April 16, 1925 (14th Parliament, 4th Session)


Joseph Henry Harris

Conservative (1867-1942)


I am glad some hon. members approve of that. A reduction in the indemnity has also been suggested. On this point let me say just a word, to clear my own skirts, as it were. You can take my indemnity right away if you like. I happen to have a position that keeps me going and I would be glad to serve the people of Canada free of indemnity. But on behalf of some of the hon. members who have no other particular vocation I would say, leave the indemnity where it is and give them twice as much to do. Give them a hundred thousand people to look after, which is the number I am
looking after right now in my riding, and reduce the membership of this House by one half and the cost by one-half.
I would suggest also that in revising the rules of the House it should be provided that each hon. member be allowed about twenty pages in Hansard and that every page he uses after the twenty he be obliged to pay for out of his indemnity.
I have started at headquarters to reduce the public expenditure. Let us start next with what some people refer to as a white elephant, the Canadian National Railways- I will not call it that-let us there reduce a few expenditures. In the first place, curtail the expenditure on radio, and eliminate such expenditures as we had within the last year and a half of a quarter of a million dollars on golf courses. As I said before, withdraw our soliciting trade agents from Europe, and if work has to be done on behalf of the Canadian National Railways let it be done by our trade commissioners who are already there; let us not have two organizations throughout Europe. Do everything possible to increase our traffic east and west. Do everything possible to increase the traffip in merchandise and in products that will bear heavy freight charges, and eliminate as much as possible the shipping out of this country of our raw material.
Preserve the Canadian market for Canadian farm products.
Develop Canadian resources and manufacture them into finished products if at all possible; and conserve our hydro-electric power resources for the use of our industries.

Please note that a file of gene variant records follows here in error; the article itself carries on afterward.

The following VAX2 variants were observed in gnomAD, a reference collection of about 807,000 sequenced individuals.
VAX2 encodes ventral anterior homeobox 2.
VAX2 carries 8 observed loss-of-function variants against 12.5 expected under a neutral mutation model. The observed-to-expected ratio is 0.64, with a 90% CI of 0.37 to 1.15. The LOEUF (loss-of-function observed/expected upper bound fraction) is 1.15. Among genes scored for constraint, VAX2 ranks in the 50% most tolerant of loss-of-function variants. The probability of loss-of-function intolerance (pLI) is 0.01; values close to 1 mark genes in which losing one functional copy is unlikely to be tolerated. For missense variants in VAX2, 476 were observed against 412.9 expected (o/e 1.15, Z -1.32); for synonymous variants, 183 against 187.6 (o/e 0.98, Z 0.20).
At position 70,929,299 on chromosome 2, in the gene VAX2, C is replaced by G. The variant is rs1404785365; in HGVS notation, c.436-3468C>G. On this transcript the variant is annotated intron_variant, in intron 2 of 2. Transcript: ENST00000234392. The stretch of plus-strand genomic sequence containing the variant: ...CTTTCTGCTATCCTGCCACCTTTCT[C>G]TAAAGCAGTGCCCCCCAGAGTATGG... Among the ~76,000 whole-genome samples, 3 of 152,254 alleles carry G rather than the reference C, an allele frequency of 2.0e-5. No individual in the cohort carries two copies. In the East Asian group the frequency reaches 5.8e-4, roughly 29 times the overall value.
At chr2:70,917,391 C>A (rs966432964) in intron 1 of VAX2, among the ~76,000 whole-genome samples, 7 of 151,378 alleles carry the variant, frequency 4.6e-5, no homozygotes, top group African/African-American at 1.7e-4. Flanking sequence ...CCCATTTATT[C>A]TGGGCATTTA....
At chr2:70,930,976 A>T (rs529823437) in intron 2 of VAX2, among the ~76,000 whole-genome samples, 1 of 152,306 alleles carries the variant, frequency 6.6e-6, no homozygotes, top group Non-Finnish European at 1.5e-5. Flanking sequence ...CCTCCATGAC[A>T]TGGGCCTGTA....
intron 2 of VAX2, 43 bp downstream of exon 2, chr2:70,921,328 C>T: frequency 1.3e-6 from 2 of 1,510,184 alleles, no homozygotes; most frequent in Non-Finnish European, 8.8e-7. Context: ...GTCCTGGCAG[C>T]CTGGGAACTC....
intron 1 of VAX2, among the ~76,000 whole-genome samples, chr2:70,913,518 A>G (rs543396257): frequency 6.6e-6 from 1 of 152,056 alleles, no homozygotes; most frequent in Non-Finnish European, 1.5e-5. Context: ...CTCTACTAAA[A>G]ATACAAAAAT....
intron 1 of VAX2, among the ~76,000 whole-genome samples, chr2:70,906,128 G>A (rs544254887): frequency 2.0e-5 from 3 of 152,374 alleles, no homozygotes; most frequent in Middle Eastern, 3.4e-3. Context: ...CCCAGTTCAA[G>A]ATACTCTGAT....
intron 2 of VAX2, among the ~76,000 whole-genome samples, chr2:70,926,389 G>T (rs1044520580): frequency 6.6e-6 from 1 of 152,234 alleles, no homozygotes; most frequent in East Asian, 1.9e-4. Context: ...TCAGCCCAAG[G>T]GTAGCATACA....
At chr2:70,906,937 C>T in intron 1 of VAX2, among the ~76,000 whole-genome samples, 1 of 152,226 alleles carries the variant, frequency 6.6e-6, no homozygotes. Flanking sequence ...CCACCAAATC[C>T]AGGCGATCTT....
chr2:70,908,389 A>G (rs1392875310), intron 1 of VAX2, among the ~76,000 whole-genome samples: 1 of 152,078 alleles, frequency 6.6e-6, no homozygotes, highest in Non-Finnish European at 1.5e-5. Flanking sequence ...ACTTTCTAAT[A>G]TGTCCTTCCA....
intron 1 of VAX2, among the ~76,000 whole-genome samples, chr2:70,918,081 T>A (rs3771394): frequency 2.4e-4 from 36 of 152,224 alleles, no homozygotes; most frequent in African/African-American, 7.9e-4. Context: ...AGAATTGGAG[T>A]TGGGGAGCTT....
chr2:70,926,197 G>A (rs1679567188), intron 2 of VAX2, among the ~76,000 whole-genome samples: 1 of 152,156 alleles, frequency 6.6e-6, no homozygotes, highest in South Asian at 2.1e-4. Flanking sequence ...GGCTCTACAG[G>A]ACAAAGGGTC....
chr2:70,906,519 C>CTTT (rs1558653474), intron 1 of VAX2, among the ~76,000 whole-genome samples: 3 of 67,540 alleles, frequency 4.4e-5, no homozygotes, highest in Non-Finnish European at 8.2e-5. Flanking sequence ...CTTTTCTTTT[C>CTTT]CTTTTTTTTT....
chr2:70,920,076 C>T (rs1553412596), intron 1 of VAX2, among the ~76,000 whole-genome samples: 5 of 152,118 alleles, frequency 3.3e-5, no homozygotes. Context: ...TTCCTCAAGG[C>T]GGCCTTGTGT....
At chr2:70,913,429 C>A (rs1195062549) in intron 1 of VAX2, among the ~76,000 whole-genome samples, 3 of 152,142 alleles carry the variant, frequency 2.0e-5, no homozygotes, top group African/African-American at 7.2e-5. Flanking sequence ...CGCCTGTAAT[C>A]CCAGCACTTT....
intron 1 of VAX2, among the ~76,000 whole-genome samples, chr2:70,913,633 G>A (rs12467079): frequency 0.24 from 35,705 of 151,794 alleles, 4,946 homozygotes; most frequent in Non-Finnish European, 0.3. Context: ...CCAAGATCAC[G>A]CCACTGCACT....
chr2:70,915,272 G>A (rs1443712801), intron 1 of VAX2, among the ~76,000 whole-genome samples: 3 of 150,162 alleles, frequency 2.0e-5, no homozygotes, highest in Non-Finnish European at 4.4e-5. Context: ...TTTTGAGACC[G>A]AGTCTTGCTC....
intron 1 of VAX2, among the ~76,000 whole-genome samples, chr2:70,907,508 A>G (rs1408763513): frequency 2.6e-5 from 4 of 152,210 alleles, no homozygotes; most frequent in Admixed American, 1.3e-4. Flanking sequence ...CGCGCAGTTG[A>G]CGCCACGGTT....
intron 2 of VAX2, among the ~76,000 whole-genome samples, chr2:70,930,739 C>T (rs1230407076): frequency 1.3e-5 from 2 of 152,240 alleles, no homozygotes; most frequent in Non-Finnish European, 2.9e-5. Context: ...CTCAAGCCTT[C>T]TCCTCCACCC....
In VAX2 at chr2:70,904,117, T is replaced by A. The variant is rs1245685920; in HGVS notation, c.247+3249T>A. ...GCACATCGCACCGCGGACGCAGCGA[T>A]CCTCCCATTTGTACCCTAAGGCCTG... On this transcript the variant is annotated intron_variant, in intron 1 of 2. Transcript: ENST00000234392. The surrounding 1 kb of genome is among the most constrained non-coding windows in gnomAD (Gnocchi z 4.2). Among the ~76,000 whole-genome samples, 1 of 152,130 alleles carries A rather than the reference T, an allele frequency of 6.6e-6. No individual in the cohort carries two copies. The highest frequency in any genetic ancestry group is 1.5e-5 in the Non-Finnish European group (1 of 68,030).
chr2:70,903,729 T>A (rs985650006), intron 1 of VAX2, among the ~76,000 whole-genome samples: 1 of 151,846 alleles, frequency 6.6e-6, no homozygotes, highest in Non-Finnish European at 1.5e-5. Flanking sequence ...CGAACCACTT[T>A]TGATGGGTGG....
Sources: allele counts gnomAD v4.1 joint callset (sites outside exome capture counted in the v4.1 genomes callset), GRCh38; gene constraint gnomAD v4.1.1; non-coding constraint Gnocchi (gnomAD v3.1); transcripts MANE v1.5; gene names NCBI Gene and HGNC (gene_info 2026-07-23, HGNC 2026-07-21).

Establish preference wherever possible, provided it does not interfere with Canadian workmen.
When it comes to appointing the tariff commission, let me humbly suggest that it be composed of three men, one who has the interests of agriculture at heart, one who has the interests of labour at heart, and one who has the interests of the manufacturing and commercial institutions at heart. Let this body of three get together and work out something for the good of the Canadian people. In other words, take the plank out of the Conservative platform, holus-bolus; do not put little frills here and there, as the government are doing to-day, and attempt to make the people believe that what they are giving them is a little different from what the Conservative party advocates.
With the adoption of a policy of this kind, Mr. Speaker, I feel satisfied that the Canadian people will realize even more than ever that Canada is really worth while.
The Budget-Mr. Harris

Let me express a feeling which I experience as I go from one part of the country to another. I was down in the Maritimes not long ago, and down that way we see a 'lot of people who are known as the McDonalds, the McKinnons, the McLairens, the McLeans, the McCreas and the Camerons, some of whose ancestors I suppose came over on the Hector, some of them no doubt descendants of Wolfe's Highlanders who fought on the plains of Abraham. Very good for their lineage and Where they came from, but let me implore these people in the Maritimes to remember that first and foremost to-day they are Canadians 1
Coming just a little farther west we find in the province of Quebec the Archambaults, the Belands, the Bouchers, the Bourassas, the Denis', the Lauriers, the Marcils, and the Lemieuxs-Frenoh-Canadians they like to call themselves when they are in the province of Quebec, Canadians they were perhaps long before some of the rest of us. But to-day let them forget they are French-Canadians and remember that they too are Canadians!
Going out over the western plains and beyond, we find in British Columbia the descendants of those ex-soldiers of 'the British Empire who settled in the Okanagan valley, those rugged men in the mines that the hon. member for West Kootenay (Mr. Humphrey) was speaking about. Let these people remember that they too are Canadians!
To my friends from the western provinces let me also say: You have not been Canadians as long perhaps as some of the rest of us, but get in line with us as quick as you can. Do not forget that you have not been very long in this country.

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